This is our place to come with questions and inquiries regarding all things pertaining to our Anglican heritage, our Diocese, church business; actually anything you might be curious about or really have a need to know relating to St. Chad’s Anglican Church. Please send your questions to me. My contact information is in the church directory. Two questions have been submitted this month. The answers have been provided by Bishop Giffin.

Why use Holy Water when one enters the church? When is it appropriate? What does it signify?
Many Anglican churches have holy water available, often in, or near, the baptismal font. This ancient practice reminds us that it is by baptism that we are born into the Church.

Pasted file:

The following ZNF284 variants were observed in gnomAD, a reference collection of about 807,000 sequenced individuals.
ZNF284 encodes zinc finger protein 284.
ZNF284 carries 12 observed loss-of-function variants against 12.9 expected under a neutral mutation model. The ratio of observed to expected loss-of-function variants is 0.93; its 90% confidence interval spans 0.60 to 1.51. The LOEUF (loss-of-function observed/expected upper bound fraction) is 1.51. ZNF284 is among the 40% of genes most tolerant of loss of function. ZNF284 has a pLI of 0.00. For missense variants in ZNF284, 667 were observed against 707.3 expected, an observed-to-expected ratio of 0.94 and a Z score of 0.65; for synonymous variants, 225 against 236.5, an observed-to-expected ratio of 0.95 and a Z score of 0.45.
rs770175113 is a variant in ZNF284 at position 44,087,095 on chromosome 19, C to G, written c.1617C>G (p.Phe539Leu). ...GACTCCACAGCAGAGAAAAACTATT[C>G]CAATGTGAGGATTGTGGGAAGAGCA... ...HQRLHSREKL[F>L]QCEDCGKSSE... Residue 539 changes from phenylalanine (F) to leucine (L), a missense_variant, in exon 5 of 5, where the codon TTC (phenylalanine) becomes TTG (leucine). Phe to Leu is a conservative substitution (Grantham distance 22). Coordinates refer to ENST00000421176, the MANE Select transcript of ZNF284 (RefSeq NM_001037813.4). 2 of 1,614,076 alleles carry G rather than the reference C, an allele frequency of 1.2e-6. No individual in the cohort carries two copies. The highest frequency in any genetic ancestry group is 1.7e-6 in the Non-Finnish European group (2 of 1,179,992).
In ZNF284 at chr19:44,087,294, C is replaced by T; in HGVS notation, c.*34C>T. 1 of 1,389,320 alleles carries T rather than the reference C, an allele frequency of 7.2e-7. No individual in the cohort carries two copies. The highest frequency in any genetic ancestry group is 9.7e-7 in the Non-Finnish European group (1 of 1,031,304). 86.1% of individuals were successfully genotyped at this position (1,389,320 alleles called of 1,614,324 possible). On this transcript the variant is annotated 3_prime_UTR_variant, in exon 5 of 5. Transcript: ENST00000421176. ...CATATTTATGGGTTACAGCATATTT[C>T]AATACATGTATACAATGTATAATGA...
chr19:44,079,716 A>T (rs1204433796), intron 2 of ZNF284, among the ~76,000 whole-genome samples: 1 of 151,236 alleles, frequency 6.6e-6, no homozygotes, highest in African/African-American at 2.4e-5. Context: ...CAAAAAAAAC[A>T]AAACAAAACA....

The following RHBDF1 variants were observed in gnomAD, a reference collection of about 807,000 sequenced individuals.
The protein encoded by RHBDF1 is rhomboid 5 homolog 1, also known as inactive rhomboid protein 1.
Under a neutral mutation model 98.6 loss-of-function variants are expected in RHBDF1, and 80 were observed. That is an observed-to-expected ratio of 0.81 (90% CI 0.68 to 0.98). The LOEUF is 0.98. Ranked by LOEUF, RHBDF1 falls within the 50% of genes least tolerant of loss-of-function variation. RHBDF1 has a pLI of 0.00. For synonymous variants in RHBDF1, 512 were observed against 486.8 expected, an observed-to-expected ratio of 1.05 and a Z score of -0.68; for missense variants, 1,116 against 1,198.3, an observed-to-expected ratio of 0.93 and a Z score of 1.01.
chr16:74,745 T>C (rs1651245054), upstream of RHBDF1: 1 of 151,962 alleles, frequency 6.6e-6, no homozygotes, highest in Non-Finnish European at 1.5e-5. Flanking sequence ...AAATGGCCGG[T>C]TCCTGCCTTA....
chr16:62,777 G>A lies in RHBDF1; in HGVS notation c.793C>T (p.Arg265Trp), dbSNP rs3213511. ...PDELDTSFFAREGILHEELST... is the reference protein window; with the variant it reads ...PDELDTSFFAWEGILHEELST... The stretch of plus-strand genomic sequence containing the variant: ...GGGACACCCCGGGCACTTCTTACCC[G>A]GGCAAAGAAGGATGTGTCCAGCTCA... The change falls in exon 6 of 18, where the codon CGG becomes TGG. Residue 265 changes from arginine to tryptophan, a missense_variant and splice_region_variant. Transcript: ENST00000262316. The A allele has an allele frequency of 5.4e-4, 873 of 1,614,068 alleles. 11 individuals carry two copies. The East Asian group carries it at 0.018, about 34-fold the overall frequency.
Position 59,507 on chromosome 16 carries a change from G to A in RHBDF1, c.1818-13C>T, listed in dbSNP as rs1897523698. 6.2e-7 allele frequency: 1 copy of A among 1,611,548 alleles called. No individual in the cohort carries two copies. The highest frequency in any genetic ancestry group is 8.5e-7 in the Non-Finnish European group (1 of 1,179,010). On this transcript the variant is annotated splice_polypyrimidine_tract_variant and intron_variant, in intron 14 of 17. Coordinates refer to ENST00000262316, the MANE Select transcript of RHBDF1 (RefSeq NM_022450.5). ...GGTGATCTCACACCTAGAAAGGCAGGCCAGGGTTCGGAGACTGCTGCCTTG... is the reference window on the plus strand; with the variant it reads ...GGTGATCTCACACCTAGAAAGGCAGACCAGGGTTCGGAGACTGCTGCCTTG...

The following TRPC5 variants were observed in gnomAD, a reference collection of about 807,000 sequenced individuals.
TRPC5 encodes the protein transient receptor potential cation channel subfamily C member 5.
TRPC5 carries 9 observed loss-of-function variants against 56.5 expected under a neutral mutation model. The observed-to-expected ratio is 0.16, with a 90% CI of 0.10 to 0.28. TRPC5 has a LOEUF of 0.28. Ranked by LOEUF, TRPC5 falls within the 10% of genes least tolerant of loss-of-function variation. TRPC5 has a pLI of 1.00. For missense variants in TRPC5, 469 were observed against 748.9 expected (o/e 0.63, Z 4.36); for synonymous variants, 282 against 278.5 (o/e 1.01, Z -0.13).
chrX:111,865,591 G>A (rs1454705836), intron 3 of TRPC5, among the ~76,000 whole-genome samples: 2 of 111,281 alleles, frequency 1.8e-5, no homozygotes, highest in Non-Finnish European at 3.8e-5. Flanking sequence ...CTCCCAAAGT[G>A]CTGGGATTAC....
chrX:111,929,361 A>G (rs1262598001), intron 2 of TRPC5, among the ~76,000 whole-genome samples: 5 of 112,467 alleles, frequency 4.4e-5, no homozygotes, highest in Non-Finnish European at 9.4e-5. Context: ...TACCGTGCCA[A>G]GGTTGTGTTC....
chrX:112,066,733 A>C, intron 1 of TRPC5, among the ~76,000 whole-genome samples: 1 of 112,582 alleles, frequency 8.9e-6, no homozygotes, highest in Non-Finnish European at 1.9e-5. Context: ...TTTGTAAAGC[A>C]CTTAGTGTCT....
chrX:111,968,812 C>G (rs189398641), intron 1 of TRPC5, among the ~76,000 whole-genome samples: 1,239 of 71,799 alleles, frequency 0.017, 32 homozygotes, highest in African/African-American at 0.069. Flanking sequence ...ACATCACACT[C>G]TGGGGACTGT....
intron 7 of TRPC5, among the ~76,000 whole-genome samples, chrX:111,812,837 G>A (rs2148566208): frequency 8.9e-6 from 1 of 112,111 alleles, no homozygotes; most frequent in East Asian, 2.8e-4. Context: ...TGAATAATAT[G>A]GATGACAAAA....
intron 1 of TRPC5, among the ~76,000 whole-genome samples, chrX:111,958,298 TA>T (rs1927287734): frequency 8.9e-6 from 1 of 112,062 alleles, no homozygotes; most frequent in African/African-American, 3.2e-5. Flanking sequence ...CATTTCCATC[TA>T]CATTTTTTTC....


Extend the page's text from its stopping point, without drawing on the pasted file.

When entering or leaving, it is customary to dip the fingers of the right hand in the water and make the sign of the cross on one’s self, saying silently “In the Name of the Father, and of the Son, and of the Holy Spirit. Amen.” These are the words used in the administration of baptism, and serve as both a mental and physical memorial of the gift of New Life in Christ. Martin Luther, the 16th century reformer, strongly advocated the use of Holy Water as both a tool for re-affirming our faith and as a way to arm one’s self against evil’s deceptions and temptations to forget whose we are.

Holy Water may also be used at home. Typically, domestic use involves applying Holy Water (as at church) before and after daily prayers. Some people drink blessed water, especially at times of sickness, as a further way to affirm their total connection with God. Others will place Holy Water near their home’s most-used entrance, for blessing one’s self when leaving home.